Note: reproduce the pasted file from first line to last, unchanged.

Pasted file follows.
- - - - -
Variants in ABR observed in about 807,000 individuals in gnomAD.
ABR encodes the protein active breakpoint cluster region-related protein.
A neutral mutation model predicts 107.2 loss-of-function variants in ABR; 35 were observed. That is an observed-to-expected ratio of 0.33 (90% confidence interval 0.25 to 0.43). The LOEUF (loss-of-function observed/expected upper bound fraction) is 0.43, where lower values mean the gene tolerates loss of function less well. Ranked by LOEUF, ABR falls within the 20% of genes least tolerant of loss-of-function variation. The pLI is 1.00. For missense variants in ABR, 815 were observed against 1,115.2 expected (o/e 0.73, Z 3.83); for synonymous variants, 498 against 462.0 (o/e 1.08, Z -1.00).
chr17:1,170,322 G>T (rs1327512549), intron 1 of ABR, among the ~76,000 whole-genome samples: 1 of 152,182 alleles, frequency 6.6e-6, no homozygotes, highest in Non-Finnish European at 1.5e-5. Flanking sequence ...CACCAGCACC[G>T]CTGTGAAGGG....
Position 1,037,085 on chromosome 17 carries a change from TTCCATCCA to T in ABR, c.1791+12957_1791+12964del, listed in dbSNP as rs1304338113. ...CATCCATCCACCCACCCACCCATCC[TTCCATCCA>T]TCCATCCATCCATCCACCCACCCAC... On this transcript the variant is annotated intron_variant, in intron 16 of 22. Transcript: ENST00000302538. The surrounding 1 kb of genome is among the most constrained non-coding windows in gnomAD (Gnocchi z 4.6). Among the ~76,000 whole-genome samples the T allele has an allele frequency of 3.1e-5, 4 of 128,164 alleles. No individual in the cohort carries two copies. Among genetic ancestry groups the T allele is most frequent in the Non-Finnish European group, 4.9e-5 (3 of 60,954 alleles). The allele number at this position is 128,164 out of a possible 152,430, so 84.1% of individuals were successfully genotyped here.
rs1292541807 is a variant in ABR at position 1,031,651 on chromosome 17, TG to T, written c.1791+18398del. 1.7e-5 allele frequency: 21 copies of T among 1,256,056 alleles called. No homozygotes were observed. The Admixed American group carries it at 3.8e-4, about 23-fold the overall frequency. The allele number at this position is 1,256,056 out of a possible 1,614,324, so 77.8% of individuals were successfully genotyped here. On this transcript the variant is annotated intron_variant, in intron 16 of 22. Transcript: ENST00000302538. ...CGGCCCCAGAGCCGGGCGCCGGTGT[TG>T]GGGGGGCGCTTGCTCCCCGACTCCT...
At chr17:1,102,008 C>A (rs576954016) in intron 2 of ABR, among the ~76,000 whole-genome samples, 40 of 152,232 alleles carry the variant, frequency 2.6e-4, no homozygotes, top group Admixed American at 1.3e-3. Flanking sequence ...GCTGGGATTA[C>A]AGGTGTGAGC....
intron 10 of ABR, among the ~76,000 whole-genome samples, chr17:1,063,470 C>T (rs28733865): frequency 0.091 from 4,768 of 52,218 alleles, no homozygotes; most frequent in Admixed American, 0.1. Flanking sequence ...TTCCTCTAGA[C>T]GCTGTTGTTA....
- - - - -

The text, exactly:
Variants in ABR observed in about 807,000 individuals in gnomAD.
ABR encodes the protein active breakpoint cluster region-related protein.
A neutral mutation model predicts 107.2 loss-of-function variants in ABR; 35 were observed. That is an observed-to-expected ratio of 0.33 (90% confidence interval 0.25 to 0.43). The LOEUF (loss-of-function observed/expected upper bound fraction) is 0.43, where lower values mean the gene tolerates loss of function less well. Ranked by LOEUF, ABR falls within the 20% of genes least tolerant of loss-of-function variation. The pLI is 1.00. For missense variants in ABR, 815 were observed against 1,115.2 expected (o/e 0.73, Z 3.83); for synonymous variants, 498 against 462.0 (o/e 1.08, Z -1.00).
chr17:1,170,322 G>T (rs1327512549), intron 1 of ABR, among the ~76,000 whole-genome samples: 1 of 152,182 alleles, frequency 6.6e-6, no homozygotes, highest in Non-Finnish European at 1.5e-5. Flanking sequence ...CACCAGCACC[G>T]CTGTGAAGGG....
Position 1,037,085 on chromosome 17 carries a change from TTCCATCCA to T in ABR, c.1791+12957_1791+12964del, listed in dbSNP as rs1304338113. ...CATCCATCCACCCACCCACCCATCC[TTCCATCCA>T]TCCATCCATCCATCCACCCACCCAC... On this transcript the variant is annotated intron_variant, in intron 16 of 22. Transcript: ENST00000302538. The surrounding 1 kb of genome is among the most constrained non-coding windows in gnomAD (Gnocchi z 4.6). Among the ~76,000 whole-genome samples the T allele has an allele frequency of 3.1e-5, 4 of 128,164 alleles. No individual in the cohort carries two copies. Among genetic ancestry groups the T allele is most frequent in the Non-Finnish European group, 4.9e-5 (3 of 60,954 alleles). The allele number at this position is 128,164 out of a possible 152,430, so 84.1% of individuals were successfully genotyped here.
rs1292541807 is a variant in ABR at position 1,031,651 on chromosome 17, TG to T, written c.1791+18398del. 1.7e-5 allele frequency: 21 copies of T among 1,256,056 alleles called. No homozygotes were observed. The Admixed American group carries it at 3.8e-4, about 23-fold the overall frequency. The allele number at this position is 1,256,056 out of a possible 1,614,324, so 77.8% of individuals were successfully genotyped here. On this transcript the variant is annotated intron_variant, in intron 16 of 22. Transcript: ENST00000302538. ...CGGCCCCAGAGCCGGGCGCCGGTGT[TG>T]GGGGGGCGCTTGCTCCCCGACTCCT...
At chr17:1,102,008 C>A (rs576954016) in intron 2 of ABR, among the ~76,000 whole-genome samples, 40 of 152,232 alleles carry the variant, frequency 2.6e-4, no homozygotes, top group Admixed American at 1.3e-3. Flanking sequence ...GCTGGGATTA[C>A]AGGTGTGAGC....
intron 10 of ABR, among the ~76,000 whole-genome samples, chr17:1,063,470 C>T (rs28733865): frequency 0.091 from 4,768 of 52,218 alleles, no homozygotes; most frequent in Admixed American, 0.1. Flanking sequence ...TTCCTCTAGA[C>T]GCTGTTGTTA....